More than three quarters of physicians note—sometimes grudgingly—that having prescribing data available to reps does allow
reps to better understand which samples provide the most value and which samples simply take up valuable space in the drug
closet. In the absence of prescribing data, sampling may become less targeted to a physician's practice, and the doctor will
have to spend more time educating reps about what they may or may not need in terms of samples.
One physician noted, "This is a business, and if reps don't know what I'm prescribing, they won't know what to bring to me
unless I tell them."
A Bad Rep(utation)
In the absence of readily available prescribing data, some physicians feel that reps may spend more time mining the data they
need from physicians directly, and this may ultimately take more time from the physician's schedule. Some doctors believe
that sales reps may become more aggressive and spend more time with staff members and front-desk gatekeepers to obtain general
prescribing information. One in four doctors interviewed fear the number and frequency of details would increase under the
PDRP in order to obtain more information.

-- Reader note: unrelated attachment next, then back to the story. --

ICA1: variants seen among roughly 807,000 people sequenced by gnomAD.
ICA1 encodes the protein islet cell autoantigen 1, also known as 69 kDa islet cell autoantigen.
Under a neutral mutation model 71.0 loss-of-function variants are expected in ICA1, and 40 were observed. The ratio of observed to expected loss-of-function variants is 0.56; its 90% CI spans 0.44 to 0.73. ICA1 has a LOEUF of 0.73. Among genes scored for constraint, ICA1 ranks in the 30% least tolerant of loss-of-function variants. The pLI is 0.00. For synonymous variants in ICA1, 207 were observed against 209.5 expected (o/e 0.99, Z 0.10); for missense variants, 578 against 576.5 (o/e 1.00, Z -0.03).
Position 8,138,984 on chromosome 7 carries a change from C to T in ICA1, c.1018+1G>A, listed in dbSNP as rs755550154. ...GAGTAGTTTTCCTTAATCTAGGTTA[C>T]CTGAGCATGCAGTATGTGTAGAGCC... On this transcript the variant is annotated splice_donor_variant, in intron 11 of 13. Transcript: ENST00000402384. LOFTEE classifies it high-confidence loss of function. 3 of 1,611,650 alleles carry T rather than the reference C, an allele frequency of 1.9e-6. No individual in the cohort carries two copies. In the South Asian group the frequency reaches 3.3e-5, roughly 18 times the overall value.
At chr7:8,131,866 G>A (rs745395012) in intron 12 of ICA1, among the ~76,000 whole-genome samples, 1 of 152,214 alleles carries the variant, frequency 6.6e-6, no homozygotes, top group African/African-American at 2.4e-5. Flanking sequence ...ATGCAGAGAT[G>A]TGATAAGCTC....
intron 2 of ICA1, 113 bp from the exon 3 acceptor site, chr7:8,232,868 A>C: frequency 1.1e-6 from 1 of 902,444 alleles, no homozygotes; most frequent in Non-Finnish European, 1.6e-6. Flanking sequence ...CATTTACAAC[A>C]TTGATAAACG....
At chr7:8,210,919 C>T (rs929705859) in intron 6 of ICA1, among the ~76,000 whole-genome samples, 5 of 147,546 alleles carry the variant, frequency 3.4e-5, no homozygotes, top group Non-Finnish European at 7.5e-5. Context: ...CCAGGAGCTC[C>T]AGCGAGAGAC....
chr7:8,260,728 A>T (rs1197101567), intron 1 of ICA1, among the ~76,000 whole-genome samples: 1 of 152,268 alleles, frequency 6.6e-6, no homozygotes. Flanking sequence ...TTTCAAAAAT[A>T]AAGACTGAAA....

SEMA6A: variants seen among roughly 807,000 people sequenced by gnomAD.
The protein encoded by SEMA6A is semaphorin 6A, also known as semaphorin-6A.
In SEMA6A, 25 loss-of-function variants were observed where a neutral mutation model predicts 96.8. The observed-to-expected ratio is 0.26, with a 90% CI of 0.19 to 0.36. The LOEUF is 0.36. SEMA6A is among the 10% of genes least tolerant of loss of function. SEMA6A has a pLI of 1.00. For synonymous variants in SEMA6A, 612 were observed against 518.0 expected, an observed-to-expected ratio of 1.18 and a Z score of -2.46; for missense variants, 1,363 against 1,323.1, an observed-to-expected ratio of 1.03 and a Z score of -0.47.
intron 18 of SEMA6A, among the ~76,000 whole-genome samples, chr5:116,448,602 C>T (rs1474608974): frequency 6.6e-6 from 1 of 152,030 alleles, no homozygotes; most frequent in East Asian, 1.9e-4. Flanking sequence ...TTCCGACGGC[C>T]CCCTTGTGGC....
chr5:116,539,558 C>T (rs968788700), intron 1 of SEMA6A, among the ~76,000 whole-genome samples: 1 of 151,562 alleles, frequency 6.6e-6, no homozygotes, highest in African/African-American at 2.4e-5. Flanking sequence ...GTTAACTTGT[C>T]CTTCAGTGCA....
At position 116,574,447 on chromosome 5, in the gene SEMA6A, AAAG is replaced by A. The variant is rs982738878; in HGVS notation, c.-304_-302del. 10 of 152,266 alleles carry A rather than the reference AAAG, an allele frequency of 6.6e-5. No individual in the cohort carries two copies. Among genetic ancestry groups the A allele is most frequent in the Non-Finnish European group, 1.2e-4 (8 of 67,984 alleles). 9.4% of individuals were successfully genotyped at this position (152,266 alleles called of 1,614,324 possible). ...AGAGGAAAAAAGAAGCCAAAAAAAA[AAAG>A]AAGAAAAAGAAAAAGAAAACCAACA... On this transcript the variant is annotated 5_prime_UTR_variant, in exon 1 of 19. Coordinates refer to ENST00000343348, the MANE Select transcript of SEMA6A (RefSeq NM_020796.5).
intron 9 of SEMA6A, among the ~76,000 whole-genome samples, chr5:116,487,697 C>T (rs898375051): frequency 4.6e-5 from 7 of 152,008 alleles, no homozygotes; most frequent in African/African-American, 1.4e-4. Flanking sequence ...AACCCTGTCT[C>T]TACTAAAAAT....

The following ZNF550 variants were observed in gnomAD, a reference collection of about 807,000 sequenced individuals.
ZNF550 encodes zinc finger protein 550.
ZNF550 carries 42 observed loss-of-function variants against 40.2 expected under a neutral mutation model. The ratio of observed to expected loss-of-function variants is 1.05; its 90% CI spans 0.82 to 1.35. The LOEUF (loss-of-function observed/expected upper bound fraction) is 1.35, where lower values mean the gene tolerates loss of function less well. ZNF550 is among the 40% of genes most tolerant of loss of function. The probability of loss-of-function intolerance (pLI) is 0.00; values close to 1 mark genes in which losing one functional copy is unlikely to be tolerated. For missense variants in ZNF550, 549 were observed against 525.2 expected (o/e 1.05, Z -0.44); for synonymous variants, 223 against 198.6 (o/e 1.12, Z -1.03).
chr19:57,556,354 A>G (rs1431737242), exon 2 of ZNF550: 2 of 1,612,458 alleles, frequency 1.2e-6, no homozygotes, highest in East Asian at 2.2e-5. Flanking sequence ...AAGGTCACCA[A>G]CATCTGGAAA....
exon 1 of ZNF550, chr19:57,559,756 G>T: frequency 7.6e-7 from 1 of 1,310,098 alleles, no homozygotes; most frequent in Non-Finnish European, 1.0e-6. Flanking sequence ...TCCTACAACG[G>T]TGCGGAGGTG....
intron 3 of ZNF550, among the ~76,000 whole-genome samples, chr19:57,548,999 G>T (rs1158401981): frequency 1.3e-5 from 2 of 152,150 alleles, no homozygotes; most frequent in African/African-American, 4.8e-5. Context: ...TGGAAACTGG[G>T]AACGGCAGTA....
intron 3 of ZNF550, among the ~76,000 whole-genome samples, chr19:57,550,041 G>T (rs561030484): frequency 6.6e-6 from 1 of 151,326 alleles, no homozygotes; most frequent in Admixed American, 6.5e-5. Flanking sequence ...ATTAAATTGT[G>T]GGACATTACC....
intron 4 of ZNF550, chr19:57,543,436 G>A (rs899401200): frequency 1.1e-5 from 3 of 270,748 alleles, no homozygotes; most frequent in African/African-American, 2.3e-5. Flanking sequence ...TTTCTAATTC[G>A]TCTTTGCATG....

As one physician noted, "It would be counterproductive to take away my prescribing data from a rep only to have him spend
more time digging for my personal information." If this were to happen, physicians indicate that their practices may introduce
even more restrictive measures to limit rep access.
Guard the Guards
A final major concern among physicians that weakens the intent to enroll in the program is uncertainty around enforcement.
Many feel that PDRP will be limited by a lack of enforcement in the event that a pharmaceutical company "breaks the rules."
These physicians are concerned that the program may lack teeth and that pharmaceutical companies will have little incentive
to comply. As one doctor said, "I'm not convinced that companies will actually abide by this. I don't think the AMA could
even give them a slap on the wrist."
Ultimately, physicians want the best elements of the physician/representative relationship: appropriate sampling to suit their
practices, information about new products, and new data for existing products. They want this information without the sense
that they may be compromising their personal privacy.
While the practice of recording physician-interaction information may be here to stay and is a valuable resource for reps,
pharmaceutical companies need to be sensitive to these concerns and act responsibly in the absence of prescribing data at
the representative and district-manager level. Any actions by reps to skirt the system to gain access to prescribing data
(and worse, personal data) are likely to add fuel to the fire and further erode perceptions of pharmaceutical manufacturers
as trusted partners in the delivery of optimal healthcare.
Michael Feehan is CEO of Observant LLC. He can be reached at firstname.lastname@example.org
Neil Bergquist is senior associate at Observant LLC. He can be reached at email@example.com